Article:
Hm... I guess I prefer languages that trust me, then :) –  fredoverflow Dec 10 '10 at 13:00

Based on my personal experience, the Java way of allowing multiple methods, but not overloading operator, means that whenever you see an operator you know exactly what it does.

You do not have to see if * invokes strange code but know that it is a multiply, and it behaves exactly like in the way defined by the Java Language Specification. This means you can concentrate on the actual behaviour instead of finding out all the wicket stuff defined by the programmer.

In other words, prohibiting operator overload is a benefit to the reader, not the writer, and hence makes programs easier to maintain!

share|improve this answer
4  
@Michael: About linked lists, std::list does not overload operator[] (or give any other means of indexing into the list), because such an operation would be O(n), and a list interface should not expose such a function if you care about efficiency. Clients might be tempted to iterate over linked lists with indexes, making O(n) algorithms needlessly O(n^2). You see that quite often in Java code, especially if people work with the List interface which aims to abstract complexity away completely. –  fredoverflow Dec 10 '10 at 17:23
4  
@Thor: "But in order to be certain you have to check :)"... Again, this is not tied to operator overloading. If you see time.add(anotherTime), you will also have to check if the library programmer implemented the add operation "correctly" (whatever that means). –  fredoverflow Dec 10 '10 at 17:35

I somewhat agree.

If you write multiply(j,5), j could be of a scalar or matrix type, making multiply() more or less complex, depending on what j is. However, if you abandon the idea of overloading altogether, then the function would have to be named multiply_scalar() or multiply_matrix() which would make it obvious what's happening underneath.

There's code where many of us would prefer it one way and there's code where most of us would prefer it the other way. Most of the code, however, falls into thew middle ground between those two extremes. What you prefer there depends on your background and personal preferences.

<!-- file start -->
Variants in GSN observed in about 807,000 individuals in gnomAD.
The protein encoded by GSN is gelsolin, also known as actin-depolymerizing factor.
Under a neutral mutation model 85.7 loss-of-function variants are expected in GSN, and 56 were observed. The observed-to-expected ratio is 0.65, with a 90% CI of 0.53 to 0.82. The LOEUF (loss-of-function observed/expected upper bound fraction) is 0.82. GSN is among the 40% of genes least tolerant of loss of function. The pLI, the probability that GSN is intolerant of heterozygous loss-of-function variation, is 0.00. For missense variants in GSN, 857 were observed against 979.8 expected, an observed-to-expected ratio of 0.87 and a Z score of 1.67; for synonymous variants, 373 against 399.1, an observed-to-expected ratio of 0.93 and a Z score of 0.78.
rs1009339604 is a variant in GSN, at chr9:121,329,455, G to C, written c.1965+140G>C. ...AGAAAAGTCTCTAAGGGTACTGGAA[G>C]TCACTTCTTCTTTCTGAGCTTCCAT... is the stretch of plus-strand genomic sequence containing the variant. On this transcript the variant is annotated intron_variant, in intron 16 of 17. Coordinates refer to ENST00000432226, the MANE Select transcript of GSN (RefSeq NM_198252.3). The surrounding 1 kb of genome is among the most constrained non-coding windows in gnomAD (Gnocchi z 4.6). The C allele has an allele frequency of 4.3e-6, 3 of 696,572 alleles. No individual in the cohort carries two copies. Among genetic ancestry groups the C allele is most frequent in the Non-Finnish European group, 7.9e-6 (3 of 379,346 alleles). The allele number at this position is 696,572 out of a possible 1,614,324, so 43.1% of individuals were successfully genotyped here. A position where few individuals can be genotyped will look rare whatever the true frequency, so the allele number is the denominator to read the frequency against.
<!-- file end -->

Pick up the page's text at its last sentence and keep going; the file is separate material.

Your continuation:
share|improve this answer
2  
You're rather optimistic about names aren't you? Based on some places I've worked, I'd expect names like 'multiply()` and 'multiplym()` or maybe real_multiply() or so. Developers often aren't good with names, and operator*() at least is going to be consistent. –  David Thornley Dec 10 '10 at 18:56
4  
@David: And since naming things is hard, names should be banished from programming languages, right? It's just too easy to get them wrong! ;-) –  fredoverflow Dec 11 '10 at 8:04

I suspect it has something to do with breaking expectations. I've you're used to C++, you're used to operator behavior not being dictated entirely by the language, and you won't be surprised when an operator does something odd. If you're used to languages that don't have that feature, and then see C++ code, you bring along the expectations from those other languages, and may be nastily surprised when you discover that an overloaded operator does something funky.

Personally I think there's a difference. When you can change the behavior of the language's built-in syntax, it becomes more opaque to reason about. Languages that don't allow meta-programming are syntactically less powerful, but conceptually simpler to understand.

share|improve this answer

protected by Telastyn Apr 16 at 17:49

Thank you for your interest in this question. Because it has attracted low-quality answers, posting an answer now requires 10 reputation on this site.

Would you like to answer one of these unanswered questions instead?

Not the answer you're looking for? Browse other questions tagged or ask your own question.